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Journal Article

Selective modulation of interhemispheric connectivity by transcranial alternating current stimulation influences binaural integration

MPS-Authors
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Preisig,  Basil
Neurobiology of Language Department, MPI for Psycholinguistics, Max Planck Society;
Donders Institute for Brain, Cognition and Behaviour, External Organizations;

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Sjerps,  Matthias J.
Neurobiology of Language Department, MPI for Psycholinguistics, Max Planck Society;
Donders Institute for Brain, Cognition and Behaviour, External Organizations;

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Kösem,  Anne
Neurobiology of Language Department, MPI for Psycholinguistics, Max Planck Society;
Donders Institute for Brain, Cognition and Behaviour, External Organizations;
Université Claude Bernard Lyon;

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Hagoort,  Peter
Neurobiology of Language Department, MPI for Psycholinguistics, Max Planck Society;
Donders Institute for Brain, Cognition and Behaviour, External Organizations;

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Supplementary Material (public)

pnas.2015488118.sapp.pdf
(Supplementary material), 756KB

Citation

Preisig, B., Riecke, L., Sjerps, M. J., Kösem, A., Kop, B. R., Bramson, B., et al. (2021). Selective modulation of interhemispheric connectivity by transcranial alternating current stimulation influences binaural integration. Proceedings of the National Academy of Sciences, 118(7): e2015488118. doi:10.1073/pnas.2015488118.


Cite as: http://hdl.handle.net/21.11116/0000-0007-F02D-8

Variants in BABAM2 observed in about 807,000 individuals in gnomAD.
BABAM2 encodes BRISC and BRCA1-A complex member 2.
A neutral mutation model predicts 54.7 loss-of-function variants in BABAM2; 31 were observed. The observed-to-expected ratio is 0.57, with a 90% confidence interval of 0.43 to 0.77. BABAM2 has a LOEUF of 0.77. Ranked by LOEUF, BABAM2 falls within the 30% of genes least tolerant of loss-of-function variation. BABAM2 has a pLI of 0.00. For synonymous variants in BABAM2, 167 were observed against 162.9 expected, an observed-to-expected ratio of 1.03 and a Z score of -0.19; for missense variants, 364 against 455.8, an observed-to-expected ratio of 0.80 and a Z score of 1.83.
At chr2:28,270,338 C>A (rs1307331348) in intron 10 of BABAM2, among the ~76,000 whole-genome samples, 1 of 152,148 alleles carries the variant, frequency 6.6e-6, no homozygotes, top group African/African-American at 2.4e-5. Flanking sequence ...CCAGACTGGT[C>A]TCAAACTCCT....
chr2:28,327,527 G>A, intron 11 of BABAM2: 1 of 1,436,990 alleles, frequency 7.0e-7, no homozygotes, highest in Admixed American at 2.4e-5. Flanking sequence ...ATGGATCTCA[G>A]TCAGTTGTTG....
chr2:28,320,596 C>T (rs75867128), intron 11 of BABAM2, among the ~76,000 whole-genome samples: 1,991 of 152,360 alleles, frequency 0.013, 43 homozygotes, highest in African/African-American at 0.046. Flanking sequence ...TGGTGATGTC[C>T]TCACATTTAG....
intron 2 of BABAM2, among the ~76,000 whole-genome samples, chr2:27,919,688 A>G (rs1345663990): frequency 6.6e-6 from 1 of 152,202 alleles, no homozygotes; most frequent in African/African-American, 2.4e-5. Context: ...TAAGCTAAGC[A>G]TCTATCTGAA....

Abstract
Brain connectivity plays a major role in the encoding, transfer, and integration of sensory information. Interregional synchronization of neural oscillations in the γ-frequency band has been suggested as a key mechanism underlying perceptual integration. In a recent study, we found evidence for this hypothesis showing that the modulation of interhemispheric oscillatory synchrony by means of bihemispheric high-density transcranial alternating current stimulation (HD-TACS) affects binaural integration of dichotic acoustic features. Here, we aimed to establish a direct link between oscillatory synchrony, effective brain connectivity, and binaural integration. We experimentally manipulated oscillatory synchrony (using bihemispheric γ-TACS with different interhemispheric phase lags) and assessed the effect on effective brain connectivity and binaural integration (as measured with functional MRI and a dichotic listening task, respectively). We found that TACS reduced intrahemispheric connectivity within the auditory cortices and antiphase (interhemispheric phase lag 180°) TACS modulated connectivity between the two auditory cortices. Importantly, the changes in intra- and interhemispheric connectivity induced by TACS were correlated with changes in perceptual integration. Our results indicate that γ-band synchronization between the two auditory cortices plays a functional role in binaural integration, supporting the proposed role of interregional oscillatory synchrony in perceptual integration.